Brave Moms on the Front Line
BY JEANETTE PRATHER
It is no doubt that moms are busy. They juggle schedules, work, families, commutes, bills… the list goes on and on. Now, during a COVID-19 outbreak and global pandemic, moms are called upon to wear more hats than ever before, especially those moms who are currently serving our communities out there on the front lines.
“I feel anxious leaving for work in the morning,” said Jillian Castro, a single mother and a local grocery store clerk, who asked not to name her store because management handles interviews. “[My son’s] dad refuses to see his son due to me being exposed. We have split custody, so with him not seeing his dad at all it is a strain for childcare. I feel I have a duty to keep showing up for my team at work.”
Grocery stores and pharmacies have risen to the demands of essential services during these times, joining the ranks of first responders, healthcare workers and law enforcement.
“This is what I signed up for,” said Misty Navarro, an emergency physician at Salinas Valley Healthcare System in Salinas, the Vice Director of Emergency Medicine Group, as well as the mother of two school-aged boys who live in Santa Cruz. “It would be painful for me to be on the sidelines while something like this is going on.”
By mid-April, Salinas Valley Healthcare System had tested between 600 – 700 people with an outcome of 50 – 60 positive cases and four admitted to the hospital, according to Navarro. “We have the most cases,” she said, “which I actually think is a function of testing.”
Despite this and believing the rise in cases being a considerable possibility, Navarro’s anxiety levels are low. “There’s a little bit of anxiety but for the most part I need to disassociate from that otherwise it prevents me from doing what I need to do,” she said. “I’m taking the necessary protocols before coming home and upon entry into my house. I’m doing what I can to keep the anxiety at bay and in perspective.”
Navarro and her husband both work at the same hospital and as a result, are exposed to the same things, she said. They maintain their protocols for remaining safe and healthy, because she says that if she didn’t get “all of those hugs and kisses from my kids once I’ve decontaminated, I definitely wouldn’t be holding it all together as well as I have.”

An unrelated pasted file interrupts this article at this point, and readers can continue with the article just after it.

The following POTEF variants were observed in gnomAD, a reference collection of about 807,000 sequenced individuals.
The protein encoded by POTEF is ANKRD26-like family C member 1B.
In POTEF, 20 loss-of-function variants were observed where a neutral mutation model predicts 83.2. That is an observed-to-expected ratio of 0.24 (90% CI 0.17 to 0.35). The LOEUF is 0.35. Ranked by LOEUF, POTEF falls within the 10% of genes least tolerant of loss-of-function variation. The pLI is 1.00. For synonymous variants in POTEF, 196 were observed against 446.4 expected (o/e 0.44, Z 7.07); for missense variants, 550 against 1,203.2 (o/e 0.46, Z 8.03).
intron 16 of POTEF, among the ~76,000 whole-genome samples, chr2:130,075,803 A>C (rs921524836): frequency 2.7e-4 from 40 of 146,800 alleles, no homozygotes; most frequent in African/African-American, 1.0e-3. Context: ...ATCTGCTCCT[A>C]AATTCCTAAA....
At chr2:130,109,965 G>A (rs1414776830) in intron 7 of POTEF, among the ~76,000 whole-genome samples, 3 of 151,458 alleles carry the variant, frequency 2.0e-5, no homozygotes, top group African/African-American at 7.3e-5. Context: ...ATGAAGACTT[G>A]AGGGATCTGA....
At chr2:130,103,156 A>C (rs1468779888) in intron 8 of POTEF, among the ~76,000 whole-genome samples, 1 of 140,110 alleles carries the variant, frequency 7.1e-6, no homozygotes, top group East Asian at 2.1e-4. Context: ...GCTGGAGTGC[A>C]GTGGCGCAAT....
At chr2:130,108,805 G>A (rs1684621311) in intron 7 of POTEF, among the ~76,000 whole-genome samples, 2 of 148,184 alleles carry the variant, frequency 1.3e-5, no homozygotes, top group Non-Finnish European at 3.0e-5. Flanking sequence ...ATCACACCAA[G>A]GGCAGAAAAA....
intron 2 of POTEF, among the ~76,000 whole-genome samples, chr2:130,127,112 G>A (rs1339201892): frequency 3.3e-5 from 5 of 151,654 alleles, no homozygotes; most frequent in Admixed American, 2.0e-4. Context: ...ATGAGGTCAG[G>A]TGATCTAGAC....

Carol Mikols, a local security guard and grandmother to twin toddlers, attributes remaining calm and sitting in gratitude as her remedy to combat anxiety. “I feel really good leaving to work. I work 7 pm until 3 am,” said Mikols. “My attitude in life has always been to practice gratitude. My kids are more worried about me, but they’re grown.”
Mikols, whose decontamination practices resemble Navarro’s, admits that there is definitely a risk to COVID-19 exposure, but she chooses to remain positive. “To be practical, yes, there is a risk of exposure. We’ve had people test positive where I am working and one fatality due to COVID,” said Mikols. “There is a risk of exposure, but I don’t look at it in that way. Some people I work with are very freaked out about it, but I’m choosing not to approach it in that way. I try to have a positive outlook.”
Regardless of perspective, all these mothers are rallying and continuing their service for their families. “My kids are proud of me and they now know a lot about the coronavirus,” said Navarro. “I don’t think they have concerns because they mirror us and we’re calm about it, so they’re remaining calm.”
“My kids are very supportive,” said Mikols. “They are constantly wanting me to be cautious, of course.” Mikols’ son-in-law manages a large chain of popular grocery stores, which she believes helps shed light on her own continuation to work. “He has a place in the garage where he disrobes, decontaminates, and really takes precaution before entering the house,” said Mikols.
“My son doesn’t want me to leave for work in the morning,” said Castro, “but overall, my family is reacting okay.”
Castro, like Navarro and Mikols, remains concerned about infection to her family. “My fears concerning my family are that I will expose them, and they will either get sick or have to be on strict lockdown,” said Castro.
“My specific concerns regarding my family really aren’t to do with their physical health, it’s more about their mental health,” said Navarro. “From about March 15 they really haven’t left the house unless we’re walking the dog.”
“My first concern would be to pass on the virus to my family, but also I don’t want them to be worried about me,” said Mikols. “I just don’t want to be a cause of concern for my family.”
Whether a grocery store clerk, a nurse or a security guard, these brave women continue to show up for duty day in and day out. To all you mothers and grandmothers out there still on the front line during this crisis, thank you tremendously for your service and please remain safe.